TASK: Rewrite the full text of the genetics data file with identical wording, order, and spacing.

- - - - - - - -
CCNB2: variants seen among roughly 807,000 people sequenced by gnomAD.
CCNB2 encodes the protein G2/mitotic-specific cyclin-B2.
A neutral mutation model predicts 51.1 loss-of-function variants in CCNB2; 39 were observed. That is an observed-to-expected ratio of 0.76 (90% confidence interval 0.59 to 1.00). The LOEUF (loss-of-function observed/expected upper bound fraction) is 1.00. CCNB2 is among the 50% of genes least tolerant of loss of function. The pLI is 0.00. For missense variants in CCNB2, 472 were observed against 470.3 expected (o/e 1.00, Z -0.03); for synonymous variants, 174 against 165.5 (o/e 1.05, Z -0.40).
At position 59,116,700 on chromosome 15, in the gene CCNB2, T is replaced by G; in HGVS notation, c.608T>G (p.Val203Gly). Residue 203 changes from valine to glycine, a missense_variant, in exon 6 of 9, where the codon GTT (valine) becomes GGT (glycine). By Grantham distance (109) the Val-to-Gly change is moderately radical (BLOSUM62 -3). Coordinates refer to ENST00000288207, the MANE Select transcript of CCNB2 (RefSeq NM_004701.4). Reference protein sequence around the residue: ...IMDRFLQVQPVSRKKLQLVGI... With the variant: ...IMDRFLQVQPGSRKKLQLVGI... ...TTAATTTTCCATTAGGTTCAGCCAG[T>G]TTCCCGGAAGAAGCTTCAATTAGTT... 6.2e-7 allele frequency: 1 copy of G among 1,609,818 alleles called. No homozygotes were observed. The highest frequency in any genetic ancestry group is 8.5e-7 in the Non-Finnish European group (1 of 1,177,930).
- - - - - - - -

CCNB2: variants seen among roughly 807,000 people sequenced by gnomAD.
CCNB2 encodes the protein G2/mitotic-specific cyclin-B2.
A neutral mutation model predicts 51.1 loss-of-function variants in CCNB2; 39 were observed. That is an observed-to-expected ratio of 0.76 (90% confidence interval 0.59 to 1.00). The LOEUF (loss-of-function observed/expected upper bound fraction) is 1.00. CCNB2 is among the 50% of genes least tolerant of loss of function. The pLI is 0.00. For missense variants in CCNB2, 472 were observed against 470.3 expected (o/e 1.00, Z -0.03); for synonymous variants, 174 against 165.5 (o/e 1.05, Z -0.40).
At position 59,116,700 on chromosome 15, in the gene CCNB2, T is replaced by G; in HGVS notation, c.608T>G (p.Val203Gly). Residue 203 changes from valine to glycine, a missense_variant, in exon 6 of 9, where the codon GTT (valine) becomes GGT (glycine). By Grantham distance (109) the Val-to-Gly change is moderately radical (BLOSUM62 -3). Coordinates refer to ENST00000288207, the MANE Select transcript of CCNB2 (RefSeq NM_004701.4). Reference protein sequence around the residue: ...IMDRFLQVQPVSRKKLQLVGI... With the variant: ...IMDRFLQVQPGSRKKLQLVGI... ...TTAATTTTCCATTAGGTTCAGCCAG[T>G]TTCCCGGAAGAAGCTTCAATTAGTT... 6.2e-7 allele frequency: 1 copy of G among 1,609,818 alleles called. No homozygotes were observed. The highest frequency in any genetic ancestry group is 8.5e-7 in the Non-Finnish European group (1 of 1,177,930).